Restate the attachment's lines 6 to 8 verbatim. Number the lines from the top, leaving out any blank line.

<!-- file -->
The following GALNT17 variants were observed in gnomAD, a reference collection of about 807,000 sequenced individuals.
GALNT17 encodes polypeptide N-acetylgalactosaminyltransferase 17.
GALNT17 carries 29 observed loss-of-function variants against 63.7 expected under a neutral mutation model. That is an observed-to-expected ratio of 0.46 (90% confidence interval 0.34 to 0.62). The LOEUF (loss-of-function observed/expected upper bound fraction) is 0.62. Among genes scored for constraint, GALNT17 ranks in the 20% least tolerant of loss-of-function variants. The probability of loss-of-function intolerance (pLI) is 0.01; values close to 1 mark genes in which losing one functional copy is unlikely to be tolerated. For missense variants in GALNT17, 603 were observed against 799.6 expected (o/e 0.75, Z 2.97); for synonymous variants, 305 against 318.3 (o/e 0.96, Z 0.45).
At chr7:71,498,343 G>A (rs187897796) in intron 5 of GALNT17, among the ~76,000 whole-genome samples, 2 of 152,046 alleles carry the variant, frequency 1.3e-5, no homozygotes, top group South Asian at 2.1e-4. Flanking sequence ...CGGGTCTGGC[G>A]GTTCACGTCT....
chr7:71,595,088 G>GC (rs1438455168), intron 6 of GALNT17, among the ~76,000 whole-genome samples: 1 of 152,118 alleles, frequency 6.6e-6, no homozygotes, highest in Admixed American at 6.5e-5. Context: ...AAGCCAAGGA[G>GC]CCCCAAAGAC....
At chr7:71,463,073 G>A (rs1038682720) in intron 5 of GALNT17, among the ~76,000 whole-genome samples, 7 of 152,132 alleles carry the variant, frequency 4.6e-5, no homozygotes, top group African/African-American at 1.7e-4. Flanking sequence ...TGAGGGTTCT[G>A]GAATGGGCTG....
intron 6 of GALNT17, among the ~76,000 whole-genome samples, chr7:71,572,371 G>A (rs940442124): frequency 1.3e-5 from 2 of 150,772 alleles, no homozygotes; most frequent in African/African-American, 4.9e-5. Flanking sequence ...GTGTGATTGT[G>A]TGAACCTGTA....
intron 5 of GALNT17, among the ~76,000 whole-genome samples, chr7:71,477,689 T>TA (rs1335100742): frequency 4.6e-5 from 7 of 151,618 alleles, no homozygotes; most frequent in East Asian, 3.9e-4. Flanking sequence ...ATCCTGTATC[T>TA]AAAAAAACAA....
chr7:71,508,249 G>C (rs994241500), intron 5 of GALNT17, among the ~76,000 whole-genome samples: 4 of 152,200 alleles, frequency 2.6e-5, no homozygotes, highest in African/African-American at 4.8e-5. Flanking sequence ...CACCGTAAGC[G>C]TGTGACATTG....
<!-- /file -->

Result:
At chr7:71,463,073 G>A (rs1038682720) in intron 5 of GALNT17, among the ~76,000 whole-genome samples, 7 of 152,132 alleles carry the variant, frequency 4.6e-5, no homozygotes, top group African/African-American at 1.7e-4. Flanking sequence ...TGAGGGTTCT[G>A]GAATGGGCTG....
intron 6 of GALNT17, among the ~76,000 whole-genome samples, chr7:71,572,371 G>A (rs940442124): frequency 1.3e-5 from 2 of 150,772 alleles, no homozygotes; most frequent in African/African-American, 4.9e-5. Flanking sequence ...GTGTGATTGT[G>A]TGAACCTGTA....
intron 5 of GALNT17, among the ~76,000 whole-genome samples, chr7:71,477,689 T>TA (rs1335100742): frequency 4.6e-5 from 7 of 151,618 alleles, no homozygotes; most frequent in East Asian, 3.9e-4. Flanking sequence ...ATCCTGTATC[T>TA]AAAAAAACAA....